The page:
The sophomore-to-be is looking forward to the warm weather of Fullerton and working with a pitching staff of more than one.
“I love the campus and coaches. They’re like family,” Rainey said. “We didn’t even talk about softball for about 10 minutes. I’m really excited to have a pitching staff, too, after throwing like 2,300 pitches for Idaho state. It was really fun and really hard, if you were struggling they kept throwing you. There’s going to be at least four of us at Fullerton fighting for each other and playing for each other.”
Her new coach, Kelly Ford, who first hand saw what Rainey could do against her team in Fullerton last year, was complimentary of the righty.
“Haley stood out to us when we faced Idaho State this spring,” Ford said. “Each coach was impressed and said if she enters the portal we will go after her. Her presence and confidence in the circle was so impressive. We love her competitive fire and the Titans got better with her commitment.”
The Titans were an NCAA tournament team this past year playing in the Big West Conference. Fullerton competed with some of the nation’s best on a consistent basis, including victories over two Women’s College World Series teams at the Mary Nutter Classic in February in Arizona and Northwestern.
For a girl from Adna, her blistering ascent speaks to the work she’s put in. Rainey came back to watch the Pirates team this year in the first round of districts, and even threw the current squad some pitches before their postseason run.
After not really having that caliber of role model herself, she wants to give back any way she can to a program that gave her so much.
“I want to be like that for some of those kids,” Rainey said. “Someone that they can ask some of those questions or feel comfortable asking. I’ve always wanted for them to be comfortable talking with me and for me to show them how to do this. That’s a really big part of my why. Being able to play for them and create that platform for them. That’s where I’d like to be. It’s really cool to have that connection with them, it’s really rewarding.”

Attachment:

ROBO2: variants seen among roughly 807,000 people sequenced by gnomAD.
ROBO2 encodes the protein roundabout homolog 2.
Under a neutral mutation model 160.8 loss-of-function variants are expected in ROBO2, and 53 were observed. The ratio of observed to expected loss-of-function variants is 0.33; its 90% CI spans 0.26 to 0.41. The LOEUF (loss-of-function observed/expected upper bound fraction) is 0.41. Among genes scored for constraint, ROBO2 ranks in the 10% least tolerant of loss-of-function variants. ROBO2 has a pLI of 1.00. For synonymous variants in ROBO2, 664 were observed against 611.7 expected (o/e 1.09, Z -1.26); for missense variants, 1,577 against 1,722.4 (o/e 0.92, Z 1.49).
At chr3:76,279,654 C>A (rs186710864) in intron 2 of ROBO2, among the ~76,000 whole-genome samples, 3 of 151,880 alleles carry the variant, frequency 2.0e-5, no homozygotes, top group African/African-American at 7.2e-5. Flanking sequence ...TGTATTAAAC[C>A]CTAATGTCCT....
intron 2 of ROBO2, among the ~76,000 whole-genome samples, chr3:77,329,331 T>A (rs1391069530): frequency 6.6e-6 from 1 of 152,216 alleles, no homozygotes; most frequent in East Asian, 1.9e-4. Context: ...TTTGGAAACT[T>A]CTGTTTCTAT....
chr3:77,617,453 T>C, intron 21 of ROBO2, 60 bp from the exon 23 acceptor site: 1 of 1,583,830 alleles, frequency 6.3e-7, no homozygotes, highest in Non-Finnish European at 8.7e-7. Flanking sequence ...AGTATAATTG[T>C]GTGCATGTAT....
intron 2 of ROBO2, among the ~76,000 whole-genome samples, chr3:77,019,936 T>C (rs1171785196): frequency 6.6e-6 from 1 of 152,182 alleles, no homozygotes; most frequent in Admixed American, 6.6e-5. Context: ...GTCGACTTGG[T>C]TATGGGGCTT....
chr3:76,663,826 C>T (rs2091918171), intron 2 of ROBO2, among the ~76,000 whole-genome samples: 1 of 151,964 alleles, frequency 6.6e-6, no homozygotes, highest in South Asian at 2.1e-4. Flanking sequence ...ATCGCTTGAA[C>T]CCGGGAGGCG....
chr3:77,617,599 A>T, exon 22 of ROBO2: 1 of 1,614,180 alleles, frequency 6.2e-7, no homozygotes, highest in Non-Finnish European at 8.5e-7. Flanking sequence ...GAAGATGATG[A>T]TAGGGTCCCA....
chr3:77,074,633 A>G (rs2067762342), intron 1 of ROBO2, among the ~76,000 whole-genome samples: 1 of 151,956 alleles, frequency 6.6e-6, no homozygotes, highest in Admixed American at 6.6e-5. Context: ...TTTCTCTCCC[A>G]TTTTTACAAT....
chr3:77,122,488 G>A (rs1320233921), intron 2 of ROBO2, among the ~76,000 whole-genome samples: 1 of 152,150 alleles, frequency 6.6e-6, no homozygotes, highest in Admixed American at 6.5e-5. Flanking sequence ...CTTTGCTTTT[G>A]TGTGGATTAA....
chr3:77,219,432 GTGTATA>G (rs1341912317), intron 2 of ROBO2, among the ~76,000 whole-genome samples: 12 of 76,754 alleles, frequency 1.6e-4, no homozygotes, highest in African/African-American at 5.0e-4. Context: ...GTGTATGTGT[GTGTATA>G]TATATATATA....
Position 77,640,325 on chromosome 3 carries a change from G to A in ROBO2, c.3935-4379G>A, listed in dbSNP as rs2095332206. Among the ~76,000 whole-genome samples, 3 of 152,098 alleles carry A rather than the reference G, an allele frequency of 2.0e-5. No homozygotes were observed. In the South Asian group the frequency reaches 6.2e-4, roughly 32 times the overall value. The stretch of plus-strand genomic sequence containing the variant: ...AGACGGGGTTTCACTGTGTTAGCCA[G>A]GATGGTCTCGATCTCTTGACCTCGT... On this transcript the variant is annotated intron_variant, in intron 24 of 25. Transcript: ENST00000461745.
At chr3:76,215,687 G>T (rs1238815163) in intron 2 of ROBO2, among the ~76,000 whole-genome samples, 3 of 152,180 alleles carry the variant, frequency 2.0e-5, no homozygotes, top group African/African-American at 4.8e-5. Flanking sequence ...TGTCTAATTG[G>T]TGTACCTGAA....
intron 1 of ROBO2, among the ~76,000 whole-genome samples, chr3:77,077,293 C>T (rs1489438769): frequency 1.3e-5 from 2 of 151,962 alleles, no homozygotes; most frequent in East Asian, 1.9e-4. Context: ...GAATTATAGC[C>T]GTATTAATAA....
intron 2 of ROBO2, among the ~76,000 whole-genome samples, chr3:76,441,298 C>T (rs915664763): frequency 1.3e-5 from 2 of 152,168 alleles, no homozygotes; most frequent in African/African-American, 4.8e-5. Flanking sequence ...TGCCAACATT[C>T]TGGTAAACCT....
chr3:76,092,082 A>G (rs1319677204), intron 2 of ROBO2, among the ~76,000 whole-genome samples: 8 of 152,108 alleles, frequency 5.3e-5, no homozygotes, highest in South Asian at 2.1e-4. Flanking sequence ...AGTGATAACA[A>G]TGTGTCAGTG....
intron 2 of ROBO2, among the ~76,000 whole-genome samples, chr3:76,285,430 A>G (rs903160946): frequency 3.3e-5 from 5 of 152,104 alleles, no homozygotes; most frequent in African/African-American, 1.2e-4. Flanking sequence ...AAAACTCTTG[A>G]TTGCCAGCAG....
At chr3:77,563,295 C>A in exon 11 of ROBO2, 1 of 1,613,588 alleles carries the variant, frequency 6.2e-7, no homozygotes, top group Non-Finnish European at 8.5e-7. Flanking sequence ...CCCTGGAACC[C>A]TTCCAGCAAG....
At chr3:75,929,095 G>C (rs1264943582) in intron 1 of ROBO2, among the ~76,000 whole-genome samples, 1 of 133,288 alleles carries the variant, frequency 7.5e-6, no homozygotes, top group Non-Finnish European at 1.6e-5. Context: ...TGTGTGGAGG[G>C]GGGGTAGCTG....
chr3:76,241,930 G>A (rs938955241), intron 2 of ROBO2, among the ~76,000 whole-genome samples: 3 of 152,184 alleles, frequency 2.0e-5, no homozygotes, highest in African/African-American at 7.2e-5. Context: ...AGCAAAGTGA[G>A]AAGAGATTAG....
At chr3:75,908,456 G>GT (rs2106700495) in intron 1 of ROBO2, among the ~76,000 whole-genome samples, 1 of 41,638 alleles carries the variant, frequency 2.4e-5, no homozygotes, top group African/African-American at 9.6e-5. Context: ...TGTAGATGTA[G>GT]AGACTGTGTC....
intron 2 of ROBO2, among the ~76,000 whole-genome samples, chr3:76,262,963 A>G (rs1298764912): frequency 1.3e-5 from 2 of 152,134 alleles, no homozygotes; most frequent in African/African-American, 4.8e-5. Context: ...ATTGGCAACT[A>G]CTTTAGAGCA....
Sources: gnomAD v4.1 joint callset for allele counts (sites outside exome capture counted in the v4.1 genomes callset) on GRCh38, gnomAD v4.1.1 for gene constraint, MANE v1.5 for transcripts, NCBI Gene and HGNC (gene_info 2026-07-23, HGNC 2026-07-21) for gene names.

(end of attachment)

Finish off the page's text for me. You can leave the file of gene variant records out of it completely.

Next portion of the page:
And now, entering a new chapter of her career in Fullerton, Rainey is devising new sticky notes to tack on her mirror or walls.
She hasn’t come up with one yet, but before the season begins in February, you can bet one will be visible to her every day.
“I have an idea of what I want it to be,” she said. “I’m toying between throwing the last pitch of our last game at the NCAA tournament and I want to be the Big West Conference pitcher of the year.”
No matter the goal, no matter the team, or season, you’ll be able to find Rainey throwing pitches, in the weight room, or working on her game in other ways. Shortly after her season ended in Pocatello, Rainey was back to playing with a summer team. In June she headed up to Canada to play in a tournament.
A new sticky note won’t change her love for the game of softball.
“Pitching is like therapy for me,” she said. “It’s what I do for fun, it’s relaxing. It’s my escape. I like to get back into it. It helps me a ton with everything else.”